The "odd couple" label may not quite fit, but Kawika M. Daguio and Frank W. Sudia have formed a somewhat improbable union in hopes of making some exotic financial technologies seem less odd.

Until recently, they said, they could not talk to each other for competitive or political reasons.

But now Mr. Daguio, who had spent seven years at the American Bankers Association before leaving in May, and Mr. Sudia, who toiled in several high-tech startups inside the old Bankers Trust Corp., are partners in four-month-old Fintegrity Ventures LLC.

The firm and Mr. Sudia are based in New York. Mr. Daguio splits his time between there and Washington, where he is executive vice president of a trade group he organized, the Financial Information Protection Association.

Their joint goal is to seed and to nurture -- in the parlance of Internet venture capital, to incubate -- promising information security technologies such as those based on data encryption and digital certificates.

As befits their backgrounds, they are almost entirely focused on financial industry opportunities. They think the time is right to marry the mentality and creativity of a high-tech startup with the growing awareness and concern among bank senior managements about the security vulnerabilities of electronic commerce.

They have gone so far as to launch "meaningful projects" with "people who are in a position to buy products" at prominent financial institutions, Mr. Daguio said in a recent interview.

"These are products that sell themselves," Mr. Sudia added.

"Unfortunately," said Mr. Daguio, the companies they are working with "won't let us use their names."

Such secrecy is not uncommon where cloak and dagger cross over into competitive commercial intrigue. Mr. Daguio and Mr. Sudia say this will pass as the new and unproven evolve into standard business practice. They profess to be interested only in making Internet commerce bigger and easier -- and, of course, in a share of the profits that result from brokering deals or licensing intellectual property.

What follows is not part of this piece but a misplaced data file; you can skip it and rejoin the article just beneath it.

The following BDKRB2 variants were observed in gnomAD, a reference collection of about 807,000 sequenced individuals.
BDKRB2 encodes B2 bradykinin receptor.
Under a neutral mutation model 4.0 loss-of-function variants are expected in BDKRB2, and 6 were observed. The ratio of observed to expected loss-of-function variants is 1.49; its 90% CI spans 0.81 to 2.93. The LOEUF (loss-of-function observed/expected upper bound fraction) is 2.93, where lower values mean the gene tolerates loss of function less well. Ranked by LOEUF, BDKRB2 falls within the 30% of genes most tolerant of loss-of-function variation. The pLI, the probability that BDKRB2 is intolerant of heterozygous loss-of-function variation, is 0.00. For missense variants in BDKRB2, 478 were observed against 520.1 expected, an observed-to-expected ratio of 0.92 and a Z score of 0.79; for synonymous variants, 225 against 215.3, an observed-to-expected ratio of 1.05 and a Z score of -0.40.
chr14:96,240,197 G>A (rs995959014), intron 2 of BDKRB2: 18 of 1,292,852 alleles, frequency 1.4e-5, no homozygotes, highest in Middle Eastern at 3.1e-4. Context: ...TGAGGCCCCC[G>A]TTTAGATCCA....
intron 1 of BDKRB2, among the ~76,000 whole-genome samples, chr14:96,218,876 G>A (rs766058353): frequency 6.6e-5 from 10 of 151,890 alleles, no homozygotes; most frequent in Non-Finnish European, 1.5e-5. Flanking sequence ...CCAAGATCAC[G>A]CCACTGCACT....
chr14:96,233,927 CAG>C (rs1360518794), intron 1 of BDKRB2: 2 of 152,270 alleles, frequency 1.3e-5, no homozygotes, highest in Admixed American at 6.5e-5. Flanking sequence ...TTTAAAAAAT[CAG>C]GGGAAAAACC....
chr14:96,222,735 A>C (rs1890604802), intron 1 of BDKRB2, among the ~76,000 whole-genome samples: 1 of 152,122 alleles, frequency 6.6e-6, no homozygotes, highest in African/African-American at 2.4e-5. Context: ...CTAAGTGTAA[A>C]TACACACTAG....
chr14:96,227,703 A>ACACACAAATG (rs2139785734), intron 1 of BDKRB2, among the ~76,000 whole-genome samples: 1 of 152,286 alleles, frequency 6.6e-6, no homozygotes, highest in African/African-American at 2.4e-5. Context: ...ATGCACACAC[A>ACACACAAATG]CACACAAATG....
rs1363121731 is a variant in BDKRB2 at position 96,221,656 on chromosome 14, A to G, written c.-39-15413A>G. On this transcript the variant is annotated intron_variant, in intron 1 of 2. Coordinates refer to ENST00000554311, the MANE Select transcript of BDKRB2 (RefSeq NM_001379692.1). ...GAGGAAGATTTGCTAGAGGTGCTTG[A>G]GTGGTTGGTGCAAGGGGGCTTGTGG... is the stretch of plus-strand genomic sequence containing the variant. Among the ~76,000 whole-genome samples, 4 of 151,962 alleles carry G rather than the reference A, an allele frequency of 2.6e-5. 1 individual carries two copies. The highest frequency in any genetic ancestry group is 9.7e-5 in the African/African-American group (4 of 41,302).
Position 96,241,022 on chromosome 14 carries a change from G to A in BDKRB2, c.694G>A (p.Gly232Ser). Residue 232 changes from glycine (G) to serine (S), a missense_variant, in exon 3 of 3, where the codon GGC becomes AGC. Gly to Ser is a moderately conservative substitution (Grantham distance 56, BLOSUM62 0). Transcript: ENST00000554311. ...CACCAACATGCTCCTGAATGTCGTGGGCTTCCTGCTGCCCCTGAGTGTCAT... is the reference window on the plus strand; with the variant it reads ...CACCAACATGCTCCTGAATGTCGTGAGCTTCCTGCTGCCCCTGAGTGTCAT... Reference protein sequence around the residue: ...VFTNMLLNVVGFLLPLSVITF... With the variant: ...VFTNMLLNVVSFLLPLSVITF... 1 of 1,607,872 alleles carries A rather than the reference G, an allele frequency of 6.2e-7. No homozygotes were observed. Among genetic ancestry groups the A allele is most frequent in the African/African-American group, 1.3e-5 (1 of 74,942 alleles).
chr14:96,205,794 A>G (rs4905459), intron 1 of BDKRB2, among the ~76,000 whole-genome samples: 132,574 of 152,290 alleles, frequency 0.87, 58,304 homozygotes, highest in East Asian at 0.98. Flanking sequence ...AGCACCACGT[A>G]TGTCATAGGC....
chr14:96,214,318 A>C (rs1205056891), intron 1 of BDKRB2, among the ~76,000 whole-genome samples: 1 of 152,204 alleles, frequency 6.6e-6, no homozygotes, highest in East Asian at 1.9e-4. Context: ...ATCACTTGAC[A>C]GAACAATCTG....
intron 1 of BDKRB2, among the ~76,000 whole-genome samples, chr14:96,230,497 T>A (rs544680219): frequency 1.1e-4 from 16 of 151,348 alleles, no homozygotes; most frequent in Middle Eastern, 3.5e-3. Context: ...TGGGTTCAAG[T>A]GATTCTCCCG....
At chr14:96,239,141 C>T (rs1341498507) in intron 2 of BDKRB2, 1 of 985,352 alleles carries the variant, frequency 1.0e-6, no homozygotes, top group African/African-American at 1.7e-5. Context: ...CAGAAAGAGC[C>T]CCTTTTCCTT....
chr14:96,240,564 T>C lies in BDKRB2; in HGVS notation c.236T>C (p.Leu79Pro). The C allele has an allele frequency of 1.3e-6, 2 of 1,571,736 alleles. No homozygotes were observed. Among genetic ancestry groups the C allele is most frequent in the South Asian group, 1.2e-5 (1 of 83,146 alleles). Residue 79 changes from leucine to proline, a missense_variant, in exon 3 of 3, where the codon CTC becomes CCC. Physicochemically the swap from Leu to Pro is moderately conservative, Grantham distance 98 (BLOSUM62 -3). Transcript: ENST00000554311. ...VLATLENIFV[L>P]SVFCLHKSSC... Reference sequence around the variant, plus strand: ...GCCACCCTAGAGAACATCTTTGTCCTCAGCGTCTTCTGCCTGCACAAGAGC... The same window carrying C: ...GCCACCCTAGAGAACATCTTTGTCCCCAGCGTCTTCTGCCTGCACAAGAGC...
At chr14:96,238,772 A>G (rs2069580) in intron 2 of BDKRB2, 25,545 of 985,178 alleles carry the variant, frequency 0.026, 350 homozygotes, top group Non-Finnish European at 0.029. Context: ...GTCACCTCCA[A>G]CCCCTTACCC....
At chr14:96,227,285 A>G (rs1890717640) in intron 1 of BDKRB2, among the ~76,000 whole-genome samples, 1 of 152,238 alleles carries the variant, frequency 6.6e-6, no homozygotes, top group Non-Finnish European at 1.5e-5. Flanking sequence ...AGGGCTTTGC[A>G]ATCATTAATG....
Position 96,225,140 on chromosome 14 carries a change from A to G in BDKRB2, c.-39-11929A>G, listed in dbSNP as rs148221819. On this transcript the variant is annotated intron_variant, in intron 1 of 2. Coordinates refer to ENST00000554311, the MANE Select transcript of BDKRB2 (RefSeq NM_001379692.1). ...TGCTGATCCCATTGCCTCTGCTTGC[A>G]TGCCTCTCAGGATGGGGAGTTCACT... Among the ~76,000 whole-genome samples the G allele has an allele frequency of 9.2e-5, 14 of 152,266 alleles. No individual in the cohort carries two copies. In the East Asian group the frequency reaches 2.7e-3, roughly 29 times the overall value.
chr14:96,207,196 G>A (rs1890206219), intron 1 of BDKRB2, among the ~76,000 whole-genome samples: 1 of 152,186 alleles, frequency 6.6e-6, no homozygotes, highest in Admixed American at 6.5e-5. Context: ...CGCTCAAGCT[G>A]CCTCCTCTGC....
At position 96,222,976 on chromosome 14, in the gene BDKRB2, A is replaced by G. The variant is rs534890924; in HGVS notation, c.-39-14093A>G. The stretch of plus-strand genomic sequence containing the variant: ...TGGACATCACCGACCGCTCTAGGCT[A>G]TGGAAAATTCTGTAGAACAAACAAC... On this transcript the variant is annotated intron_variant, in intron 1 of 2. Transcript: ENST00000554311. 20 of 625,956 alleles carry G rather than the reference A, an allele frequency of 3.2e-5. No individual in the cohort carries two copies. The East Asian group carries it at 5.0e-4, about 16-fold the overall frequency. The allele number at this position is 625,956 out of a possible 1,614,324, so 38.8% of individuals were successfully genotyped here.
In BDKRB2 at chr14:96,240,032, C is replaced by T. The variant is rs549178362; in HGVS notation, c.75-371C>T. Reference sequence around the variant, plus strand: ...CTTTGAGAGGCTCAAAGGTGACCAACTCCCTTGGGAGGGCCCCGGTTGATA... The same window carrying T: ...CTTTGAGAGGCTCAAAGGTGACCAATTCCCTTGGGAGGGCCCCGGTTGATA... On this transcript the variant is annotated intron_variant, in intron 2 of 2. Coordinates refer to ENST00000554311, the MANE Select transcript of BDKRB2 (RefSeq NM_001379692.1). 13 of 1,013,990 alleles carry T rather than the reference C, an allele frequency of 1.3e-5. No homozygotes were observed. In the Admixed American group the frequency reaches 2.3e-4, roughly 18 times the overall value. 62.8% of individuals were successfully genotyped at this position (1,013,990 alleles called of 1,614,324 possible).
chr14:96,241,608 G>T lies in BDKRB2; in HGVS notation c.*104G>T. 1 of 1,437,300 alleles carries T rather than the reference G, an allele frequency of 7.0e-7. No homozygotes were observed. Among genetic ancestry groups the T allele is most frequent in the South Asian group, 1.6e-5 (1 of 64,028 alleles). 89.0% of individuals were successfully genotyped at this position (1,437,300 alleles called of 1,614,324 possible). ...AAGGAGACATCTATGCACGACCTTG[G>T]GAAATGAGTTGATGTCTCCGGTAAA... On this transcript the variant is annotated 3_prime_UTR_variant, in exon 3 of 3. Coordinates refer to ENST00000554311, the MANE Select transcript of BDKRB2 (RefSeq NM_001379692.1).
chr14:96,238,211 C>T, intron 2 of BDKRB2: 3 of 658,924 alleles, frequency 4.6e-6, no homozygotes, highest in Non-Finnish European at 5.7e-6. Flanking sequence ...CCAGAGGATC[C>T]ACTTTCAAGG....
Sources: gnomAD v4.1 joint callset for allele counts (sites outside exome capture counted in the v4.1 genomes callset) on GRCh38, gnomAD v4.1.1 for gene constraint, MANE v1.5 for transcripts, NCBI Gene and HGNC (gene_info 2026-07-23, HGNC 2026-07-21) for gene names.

"There are a lot of ideas and money out there," Mr. Daguio said. "But there is a paucity of good ideas and execution that actually get funded."

The Fintegrity partners claim they bring a combination of business and operational sense and contacts with people in power that many startups cannot match. Technical skills and code-writing wizardry are abundant these days, they say, but getting them funded and turning them into businesses require a special touch.

"I come at this as an analyst with a technology policy background," Mr. Daguio said. "We fill in the gaps between the technical requirements and business requirements. We are in a position to form companies that solve problems in a space we know a lot about."

"Security people are still not able to drill down into the operational risk issue the way bankers have to deal with it," said Mr. Sudia, who earned a law degree before being swept into system design and strategy work. "We are leaders in teaching clients about the risks and what these systems can solve."

Unable to name customers' or other supporters' names, the partners must lay their personal credentials and credibility on the line. Mr. Daguio said they have succeeded in getting "several ideas past the idea stage and interested customers with their checkbooks out" because of their knowledge of and contacts in banking and government.

"We are not in a position to do vaporware," Mr. Daguio said. "There is too much at stake."

He said they are able to "work with everybody we worked with before but on different terms."

Mr. Daguio, 33, wore several hats at the ABA in lobbying and technology and payment-system areas. He was instrumental in designing the public key infrastructure for the ABAecom digital certification spinoff. He became perhaps banking's foremost analyst and spokesman on matters of data encryption policy, where there has been much contention over whether federal rules should permit the export of strong, or unbreakable, codes.

He set up the Financial Information Protection Association to "ensure that financial information and infrastructures are properly protected" and to work with "all communities involved in electronic commerce" to promote safe transactions and overall business growth. The group is advocating a national digital signature law in hopes of preventing or preempting a patchwork of state variations.

Utah was the first, in 1995, to pass a law granting full legal standing to electronic documents that are sealed with codes derived from digital certificates. Mr. Sudia, who served on an American Bar Association committee that did pioneering work on digital signatures, and others in Bankers Trust's Certco spinoff had a lot to do with drafting that law. Certco and other Sudia activities may have competed with ABAecom; hence the avoidance of premature conversations between the Fintegrity partners.